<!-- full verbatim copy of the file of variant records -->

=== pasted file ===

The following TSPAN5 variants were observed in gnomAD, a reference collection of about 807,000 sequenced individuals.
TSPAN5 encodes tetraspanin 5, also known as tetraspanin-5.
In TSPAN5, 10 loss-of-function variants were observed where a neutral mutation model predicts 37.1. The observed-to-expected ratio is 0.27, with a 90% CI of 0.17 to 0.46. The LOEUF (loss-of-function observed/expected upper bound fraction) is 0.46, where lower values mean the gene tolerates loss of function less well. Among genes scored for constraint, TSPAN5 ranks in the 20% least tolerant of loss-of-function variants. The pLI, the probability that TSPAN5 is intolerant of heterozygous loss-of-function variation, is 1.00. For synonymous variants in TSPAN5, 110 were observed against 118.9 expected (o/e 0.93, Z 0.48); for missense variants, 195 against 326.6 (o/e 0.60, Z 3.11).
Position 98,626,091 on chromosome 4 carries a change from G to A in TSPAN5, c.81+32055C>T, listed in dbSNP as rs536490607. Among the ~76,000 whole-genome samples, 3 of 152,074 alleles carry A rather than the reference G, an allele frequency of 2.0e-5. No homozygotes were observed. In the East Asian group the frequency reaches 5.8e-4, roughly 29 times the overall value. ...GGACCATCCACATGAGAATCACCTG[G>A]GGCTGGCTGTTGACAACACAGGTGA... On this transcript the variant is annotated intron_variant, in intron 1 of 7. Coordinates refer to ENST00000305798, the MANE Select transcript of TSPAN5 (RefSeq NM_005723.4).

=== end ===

The following TSPAN5 variants were observed in gnomAD, a reference collection of about 807,000 sequenced individuals.
TSPAN5 encodes tetraspanin 5, also known as tetraspanin-5.
In TSPAN5, 10 loss-of-function variants were observed where a neutral mutation model predicts 37.1. The observed-to-expected ratio is 0.27, with a 90% CI of 0.17 to 0.46. The LOEUF (loss-of-function observed/expected upper bound fraction) is 0.46, where lower values mean the gene tolerates loss of function less well. Among genes scored for constraint, TSPAN5 ranks in the 20% least tolerant of loss-of-function variants. The pLI, the probability that TSPAN5 is intolerant of heterozygous loss-of-function variation, is 1.00. For synonymous variants in TSPAN5, 110 were observed against 118.9 expected (o/e 0.93, Z 0.48); for missense variants, 195 against 326.6 (o/e 0.60, Z 3.11).
Position 98,626,091 on chromosome 4 carries a change from G to A in TSPAN5, c.81+32055C>T, listed in dbSNP as rs536490607. Among the ~76,000 whole-genome samples, 3 of 152,074 alleles carry A rather than the reference G, an allele frequency of 2.0e-5. No homozygotes were observed. In the East Asian group the frequency reaches 5.8e-4, roughly 29 times the overall value. ...GGACCATCCACATGAGAATCACCTG[G>A]GGCTGGCTGTTGACAACACAGGTGA... On this transcript the variant is annotated intron_variant, in intron 1 of 7. Coordinates refer to ENST00000305798, the MANE Select transcript of TSPAN5 (RefSeq NM_005723.4).